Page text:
A previous Blog post discussed “How to Preserve U.S. Rights in a Registered Trademark that is Not in Use.”
Now, a precedential decision by the Trademark Trial and Appeal Board (TTAB) is instructive as to the reverse—how to cancel a U.S. registration for an abandoned trademark.
In a recent Blog post, we suggested steps you might take in an appropriate case to surmount a blocking mark that consists of a verbal element identical or similar to your proposed mark, but for different goods or services that seem unrelated to yours.
When an existing trademark or service mark registration covers a mark identical or similar to your proposed mark, but the goods or services identified in the registration seem very different from yours, the registration nevertheless may block your application.
Here is an example of such a situation, followed by steps you might take to deal with it.
A non-English language mark may preclude U.S. registration of an English mark having the same meaning, as we previously wrote. But this “doctrine of foreign equivalents” is a guideline, not an absolute rule. It may not apply to a combination mark having an English component in addition to its non-English component.
There have been few applications to register a sound as a trademark for goods (as distinguished from a mark for services). In a precedential case, Duracell U.S. Operations, Inc. (“Duracell”) was successful in registering three musical notes, played at the end of announcements over retail store sound systems, as a trademark for batteries.
The Trademark Trial and Appeal Board (TTAB) appears to have increased the standard of evidence to support a refusal to register a slogan as a trademark, on the ground that it fails to function as a mark.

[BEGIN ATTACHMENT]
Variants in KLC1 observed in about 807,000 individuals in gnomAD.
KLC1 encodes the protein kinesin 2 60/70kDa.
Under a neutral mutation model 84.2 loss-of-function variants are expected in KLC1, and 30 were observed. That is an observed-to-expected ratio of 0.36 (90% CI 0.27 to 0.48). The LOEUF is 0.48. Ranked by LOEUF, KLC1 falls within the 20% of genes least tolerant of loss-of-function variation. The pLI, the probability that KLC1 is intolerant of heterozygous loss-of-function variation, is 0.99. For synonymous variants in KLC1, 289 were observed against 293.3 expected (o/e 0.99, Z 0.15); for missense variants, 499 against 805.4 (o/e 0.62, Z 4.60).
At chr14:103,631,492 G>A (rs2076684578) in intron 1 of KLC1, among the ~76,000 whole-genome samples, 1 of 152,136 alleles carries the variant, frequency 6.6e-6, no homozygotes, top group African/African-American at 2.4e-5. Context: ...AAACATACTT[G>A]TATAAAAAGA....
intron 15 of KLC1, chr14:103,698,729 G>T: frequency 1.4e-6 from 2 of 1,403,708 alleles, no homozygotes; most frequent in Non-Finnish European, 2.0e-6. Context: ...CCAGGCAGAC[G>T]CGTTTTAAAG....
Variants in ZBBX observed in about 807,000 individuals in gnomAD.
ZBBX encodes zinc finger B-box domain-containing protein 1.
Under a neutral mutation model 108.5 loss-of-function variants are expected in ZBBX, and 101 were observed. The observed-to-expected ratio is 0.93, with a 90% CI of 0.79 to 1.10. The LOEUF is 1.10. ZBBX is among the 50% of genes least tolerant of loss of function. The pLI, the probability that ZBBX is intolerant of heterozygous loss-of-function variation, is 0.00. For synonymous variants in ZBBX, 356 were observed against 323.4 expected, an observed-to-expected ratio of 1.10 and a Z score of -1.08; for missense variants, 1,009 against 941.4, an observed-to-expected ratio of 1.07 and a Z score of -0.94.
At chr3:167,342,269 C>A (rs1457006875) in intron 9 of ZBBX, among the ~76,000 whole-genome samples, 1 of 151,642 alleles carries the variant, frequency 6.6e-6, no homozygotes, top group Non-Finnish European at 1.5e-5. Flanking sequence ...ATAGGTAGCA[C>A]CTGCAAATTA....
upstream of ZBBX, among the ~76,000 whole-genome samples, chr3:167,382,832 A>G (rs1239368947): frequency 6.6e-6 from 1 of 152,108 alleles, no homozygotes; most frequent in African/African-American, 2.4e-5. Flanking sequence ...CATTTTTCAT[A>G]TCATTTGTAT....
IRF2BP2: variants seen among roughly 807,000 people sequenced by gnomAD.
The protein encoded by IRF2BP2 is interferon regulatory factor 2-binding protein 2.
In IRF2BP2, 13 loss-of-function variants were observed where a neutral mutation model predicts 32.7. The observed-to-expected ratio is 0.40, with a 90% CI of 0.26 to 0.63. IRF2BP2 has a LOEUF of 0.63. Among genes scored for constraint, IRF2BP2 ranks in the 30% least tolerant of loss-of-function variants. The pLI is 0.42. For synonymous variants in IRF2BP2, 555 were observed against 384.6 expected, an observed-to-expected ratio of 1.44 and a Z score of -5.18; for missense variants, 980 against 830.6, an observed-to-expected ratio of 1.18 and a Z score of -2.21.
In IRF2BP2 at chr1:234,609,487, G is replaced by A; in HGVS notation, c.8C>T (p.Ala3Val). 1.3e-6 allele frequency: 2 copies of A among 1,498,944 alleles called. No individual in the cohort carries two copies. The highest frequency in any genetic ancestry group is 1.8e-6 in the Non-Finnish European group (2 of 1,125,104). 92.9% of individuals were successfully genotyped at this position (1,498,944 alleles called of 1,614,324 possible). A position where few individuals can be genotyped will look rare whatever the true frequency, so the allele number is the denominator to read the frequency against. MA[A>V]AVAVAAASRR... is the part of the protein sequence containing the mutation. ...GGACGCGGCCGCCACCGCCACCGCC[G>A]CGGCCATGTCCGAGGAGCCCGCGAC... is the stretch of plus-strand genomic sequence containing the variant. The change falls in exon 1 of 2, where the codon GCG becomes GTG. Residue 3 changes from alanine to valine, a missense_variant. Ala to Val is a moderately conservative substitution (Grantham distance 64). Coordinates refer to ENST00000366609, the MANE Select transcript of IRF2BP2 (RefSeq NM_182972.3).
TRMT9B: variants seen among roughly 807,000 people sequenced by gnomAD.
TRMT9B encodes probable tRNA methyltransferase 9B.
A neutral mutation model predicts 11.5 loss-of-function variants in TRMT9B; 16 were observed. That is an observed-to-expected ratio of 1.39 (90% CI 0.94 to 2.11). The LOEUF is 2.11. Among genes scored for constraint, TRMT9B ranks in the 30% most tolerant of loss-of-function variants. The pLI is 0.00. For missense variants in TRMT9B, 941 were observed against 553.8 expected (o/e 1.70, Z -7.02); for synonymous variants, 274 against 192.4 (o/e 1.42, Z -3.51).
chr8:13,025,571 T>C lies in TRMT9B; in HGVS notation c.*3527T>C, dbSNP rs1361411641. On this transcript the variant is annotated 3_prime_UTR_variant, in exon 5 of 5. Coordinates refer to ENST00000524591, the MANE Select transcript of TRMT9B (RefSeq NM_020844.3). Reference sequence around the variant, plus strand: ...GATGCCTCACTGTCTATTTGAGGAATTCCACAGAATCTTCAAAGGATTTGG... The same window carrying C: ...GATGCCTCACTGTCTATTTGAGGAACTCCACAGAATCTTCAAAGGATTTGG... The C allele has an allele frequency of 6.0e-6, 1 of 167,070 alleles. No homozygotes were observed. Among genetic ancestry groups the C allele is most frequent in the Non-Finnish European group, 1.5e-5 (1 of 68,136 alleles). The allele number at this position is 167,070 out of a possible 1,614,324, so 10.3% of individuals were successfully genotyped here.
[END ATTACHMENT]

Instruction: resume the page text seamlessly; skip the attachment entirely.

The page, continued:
Merely offering your goods under a trademark on a website or in a store is insufficient to support an allegation that you have used your trademark in U.S. commerce for a trademark application. You must actually sell or transport the goods bearing the mark to an unrelated party through U.S. interstate (or foreign) commerce. Similarly, shipment of goods bearing the mark from a manufacturer to the trademark owner, without more, is not sufficiently public to qualify as use for a trademark application. These use requirements were clearly applied by the Trademark Trial and Appeal Board (TTAB), which cancelled a registration for nonuse.
If you happen to find yourself in Switzerland or France in search of gruyere cheese, you might be surprised to learn that it may taste a bit different from the gruyere you have come to know and enjoy in the US. You also might be surprised to learn that the term “gruyere” has different meanings in the EU and the US.
This is because the term “gruyere” is recognized under EU law as a protected designation of origin (PDO or AOP) and a protected geographical indication (PGI or IGP) since the alpine cow’s milk cheese product has been made according to a very specific aging and production process and has been produced in a specific location – the Gruyère regions of Switzerland and France - dating back to the early 12th century. Cheese that fails to meet these specifications is not allowed to be labeled as “gruyere.”
Brand owners who seek federal trademark protection in the United States Patent and Trademark Office (USPTO) have become targets for impersonators, imposters, scammers and others who use deceptive practices to seek to defraud them of funds.
This article is another Scam Alert to add to the ones we have circulated:
A foreign or domestic complainant in an opposition, cancellation or other proceeding against a U.S. trademark application or registration must have an interest that affects U.S. interstate or foreign commerce. This is commonly called having “standing.” Normally, this is a low threshold, but you can trip over it, especially if you are a non-U.S. complainant.